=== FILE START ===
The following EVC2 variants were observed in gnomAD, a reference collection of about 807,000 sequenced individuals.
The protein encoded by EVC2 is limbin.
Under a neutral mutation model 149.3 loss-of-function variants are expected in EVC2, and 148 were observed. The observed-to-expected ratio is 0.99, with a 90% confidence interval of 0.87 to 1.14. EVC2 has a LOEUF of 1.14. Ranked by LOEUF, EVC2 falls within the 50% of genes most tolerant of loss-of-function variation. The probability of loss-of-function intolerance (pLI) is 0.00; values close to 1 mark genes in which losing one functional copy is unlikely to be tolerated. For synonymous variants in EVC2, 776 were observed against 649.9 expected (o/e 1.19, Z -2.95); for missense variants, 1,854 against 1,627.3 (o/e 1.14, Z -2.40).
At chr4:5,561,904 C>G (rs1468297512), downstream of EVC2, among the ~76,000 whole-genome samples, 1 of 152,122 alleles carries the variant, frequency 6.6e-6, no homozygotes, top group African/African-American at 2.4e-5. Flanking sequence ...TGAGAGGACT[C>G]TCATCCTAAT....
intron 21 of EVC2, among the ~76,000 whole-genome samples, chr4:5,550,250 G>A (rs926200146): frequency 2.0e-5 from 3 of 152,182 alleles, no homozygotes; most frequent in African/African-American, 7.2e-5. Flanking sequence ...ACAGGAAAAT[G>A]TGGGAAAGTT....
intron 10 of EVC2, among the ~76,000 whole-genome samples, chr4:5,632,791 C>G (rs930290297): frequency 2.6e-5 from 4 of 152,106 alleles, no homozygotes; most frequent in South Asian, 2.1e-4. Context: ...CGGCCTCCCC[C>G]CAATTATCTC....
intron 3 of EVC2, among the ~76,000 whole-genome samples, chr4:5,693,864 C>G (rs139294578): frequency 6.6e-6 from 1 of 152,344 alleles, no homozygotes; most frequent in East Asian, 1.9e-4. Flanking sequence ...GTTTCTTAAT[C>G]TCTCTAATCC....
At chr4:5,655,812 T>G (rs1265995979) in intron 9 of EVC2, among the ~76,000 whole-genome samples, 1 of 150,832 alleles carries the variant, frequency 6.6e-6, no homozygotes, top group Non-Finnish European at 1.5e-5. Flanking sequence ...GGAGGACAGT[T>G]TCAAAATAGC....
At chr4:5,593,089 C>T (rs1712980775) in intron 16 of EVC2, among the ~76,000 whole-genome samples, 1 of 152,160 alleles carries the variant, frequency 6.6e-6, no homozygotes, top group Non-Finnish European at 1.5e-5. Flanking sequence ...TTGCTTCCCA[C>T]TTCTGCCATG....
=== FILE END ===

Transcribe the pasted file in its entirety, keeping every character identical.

The following EVC2 variants were observed in gnomAD, a reference collection of about 807,000 sequenced individuals.
The protein encoded by EVC2 is limbin.
Under a neutral mutation model 149.3 loss-of-function variants are expected in EVC2, and 148 were observed. The observed-to-expected ratio is 0.99, with a 90% confidence interval of 0.87 to 1.14. EVC2 has a LOEUF of 1.14. Ranked by LOEUF, EVC2 falls within the 50% of genes most tolerant of loss-of-function variation. The probability of loss-of-function intolerance (pLI) is 0.00; values close to 1 mark genes in which losing one functional copy is unlikely to be tolerated. For synonymous variants in EVC2, 776 were observed against 649.9 expected (o/e 1.19, Z -2.95); for missense variants, 1,854 against 1,627.3 (o/e 1.14, Z -2.40).
At chr4:5,561,904 C>G (rs1468297512), downstream of EVC2, among the ~76,000 whole-genome samples, 1 of 152,122 alleles carries the variant, frequency 6.6e-6, no homozygotes, top group African/African-American at 2.4e-5. Flanking sequence ...TGAGAGGACT[C>G]TCATCCTAAT....
intron 21 of EVC2, among the ~76,000 whole-genome samples, chr4:5,550,250 G>A (rs926200146): frequency 2.0e-5 from 3 of 152,182 alleles, no homozygotes; most frequent in African/African-American, 7.2e-5. Flanking sequence ...ACAGGAAAAT[G>A]TGGGAAAGTT....
intron 10 of EVC2, among the ~76,000 whole-genome samples, chr4:5,632,791 C>G (rs930290297): frequency 2.6e-5 from 4 of 152,106 alleles, no homozygotes; most frequent in South Asian, 2.1e-4. Context: ...CGGCCTCCCC[C>G]CAATTATCTC....
intron 3 of EVC2, among the ~76,000 whole-genome samples, chr4:5,693,864 C>G (rs139294578): frequency 6.6e-6 from 1 of 152,344 alleles, no homozygotes; most frequent in East Asian, 1.9e-4. Flanking sequence ...GTTTCTTAAT[C>G]TCTCTAATCC....
At chr4:5,655,812 T>G (rs1265995979) in intron 9 of EVC2, among the ~76,000 whole-genome samples, 1 of 150,832 alleles carries the variant, frequency 6.6e-6, no homozygotes, top group Non-Finnish European at 1.5e-5. Flanking sequence ...GGAGGACAGT[T>G]TCAAAATAGC....
At chr4:5,593,089 C>T (rs1712980775) in intron 16 of EVC2, among the ~76,000 whole-genome samples, 1 of 152,160 alleles carries the variant, frequency 6.6e-6, no homozygotes, top group Non-Finnish European at 1.5e-5. Flanking sequence ...TTGCTTCCCA[C>T]TTCTGCCATG....